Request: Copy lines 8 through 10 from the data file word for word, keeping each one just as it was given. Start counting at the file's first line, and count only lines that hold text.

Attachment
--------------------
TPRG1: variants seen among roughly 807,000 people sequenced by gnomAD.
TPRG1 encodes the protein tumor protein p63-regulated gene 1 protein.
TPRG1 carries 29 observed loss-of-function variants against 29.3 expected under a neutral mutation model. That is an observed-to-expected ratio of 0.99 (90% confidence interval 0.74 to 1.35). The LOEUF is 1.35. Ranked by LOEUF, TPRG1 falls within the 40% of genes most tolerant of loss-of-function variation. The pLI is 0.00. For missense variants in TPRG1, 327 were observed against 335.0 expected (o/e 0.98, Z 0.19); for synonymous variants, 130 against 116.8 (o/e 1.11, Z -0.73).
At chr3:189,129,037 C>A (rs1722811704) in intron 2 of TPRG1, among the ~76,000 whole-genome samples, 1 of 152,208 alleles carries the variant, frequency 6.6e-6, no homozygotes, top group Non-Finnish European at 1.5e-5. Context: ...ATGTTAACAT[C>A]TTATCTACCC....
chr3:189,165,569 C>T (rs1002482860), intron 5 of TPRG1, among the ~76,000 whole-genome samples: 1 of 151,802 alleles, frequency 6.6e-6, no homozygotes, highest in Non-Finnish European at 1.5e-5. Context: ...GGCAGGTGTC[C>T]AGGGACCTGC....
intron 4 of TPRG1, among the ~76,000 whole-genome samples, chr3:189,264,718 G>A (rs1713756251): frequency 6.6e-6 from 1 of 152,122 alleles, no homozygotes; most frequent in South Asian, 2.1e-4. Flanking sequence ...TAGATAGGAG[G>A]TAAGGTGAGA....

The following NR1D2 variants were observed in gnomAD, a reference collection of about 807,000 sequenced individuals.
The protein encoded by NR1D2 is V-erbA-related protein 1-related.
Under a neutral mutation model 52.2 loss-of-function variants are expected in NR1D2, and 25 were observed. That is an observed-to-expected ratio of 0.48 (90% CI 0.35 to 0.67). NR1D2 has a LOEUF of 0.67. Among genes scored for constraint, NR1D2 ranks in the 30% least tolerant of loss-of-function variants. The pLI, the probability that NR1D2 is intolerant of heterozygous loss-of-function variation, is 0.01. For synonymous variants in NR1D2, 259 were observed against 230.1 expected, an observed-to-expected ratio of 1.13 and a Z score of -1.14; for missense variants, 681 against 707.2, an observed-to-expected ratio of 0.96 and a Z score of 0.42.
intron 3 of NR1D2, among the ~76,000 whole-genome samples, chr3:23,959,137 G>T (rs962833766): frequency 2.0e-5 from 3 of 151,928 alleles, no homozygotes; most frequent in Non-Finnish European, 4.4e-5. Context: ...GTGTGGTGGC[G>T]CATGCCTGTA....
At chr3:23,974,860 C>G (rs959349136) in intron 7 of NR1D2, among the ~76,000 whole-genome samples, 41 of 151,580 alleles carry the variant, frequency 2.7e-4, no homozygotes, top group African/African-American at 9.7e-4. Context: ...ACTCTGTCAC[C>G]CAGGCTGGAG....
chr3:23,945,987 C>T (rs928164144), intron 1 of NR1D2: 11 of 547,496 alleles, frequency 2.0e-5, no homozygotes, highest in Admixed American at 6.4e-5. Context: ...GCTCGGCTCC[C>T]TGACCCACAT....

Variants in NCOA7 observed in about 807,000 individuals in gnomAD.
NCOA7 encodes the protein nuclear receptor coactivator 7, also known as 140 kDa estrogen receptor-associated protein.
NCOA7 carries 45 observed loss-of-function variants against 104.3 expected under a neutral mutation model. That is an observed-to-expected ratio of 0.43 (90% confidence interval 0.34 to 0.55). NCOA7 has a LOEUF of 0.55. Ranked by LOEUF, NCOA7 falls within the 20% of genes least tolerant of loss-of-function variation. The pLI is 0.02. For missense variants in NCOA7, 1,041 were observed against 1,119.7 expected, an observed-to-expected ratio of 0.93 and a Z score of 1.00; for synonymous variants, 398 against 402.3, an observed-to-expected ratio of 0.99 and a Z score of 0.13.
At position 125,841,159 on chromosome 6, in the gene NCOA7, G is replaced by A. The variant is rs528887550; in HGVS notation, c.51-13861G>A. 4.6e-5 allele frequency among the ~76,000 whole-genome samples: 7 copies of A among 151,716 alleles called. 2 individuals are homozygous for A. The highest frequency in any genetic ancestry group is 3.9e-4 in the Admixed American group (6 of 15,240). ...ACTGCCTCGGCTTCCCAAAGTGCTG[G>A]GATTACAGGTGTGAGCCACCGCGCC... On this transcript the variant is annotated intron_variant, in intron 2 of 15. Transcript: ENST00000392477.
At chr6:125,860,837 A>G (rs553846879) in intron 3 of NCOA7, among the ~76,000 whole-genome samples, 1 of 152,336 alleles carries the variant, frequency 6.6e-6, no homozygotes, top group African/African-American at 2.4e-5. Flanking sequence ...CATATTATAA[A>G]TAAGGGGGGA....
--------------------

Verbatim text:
The protein encoded by NR1D2 is V-erbA-related protein 1-related.
Under a neutral mutation model 52.2 loss-of-function variants are expected in NR1D2, and 25 were observed. That is an observed-to-expected ratio of 0.48 (90% CI 0.35 to 0.67). NR1D2 has a LOEUF of 0.67. Among genes scored for constraint, NR1D2 ranks in the 30% least tolerant of loss-of-function variants. The pLI, the probability that NR1D2 is intolerant of heterozygous loss-of-function variation, is 0.01. For synonymous variants in NR1D2, 259 were observed against 230.1 expected, an observed-to-expected ratio of 1.13 and a Z score of -1.14; for missense variants, 681 against 707.2, an observed-to-expected ratio of 0.96 and a Z score of 0.42.
intron 3 of NR1D2, among the ~76,000 whole-genome samples, chr3:23,959,137 G>T (rs962833766): frequency 2.0e-5 from 3 of 151,928 alleles, no homozygotes; most frequent in Non-Finnish European, 4.4e-5. Context: ...GTGTGGTGGC[G>T]CATGCCTGTA....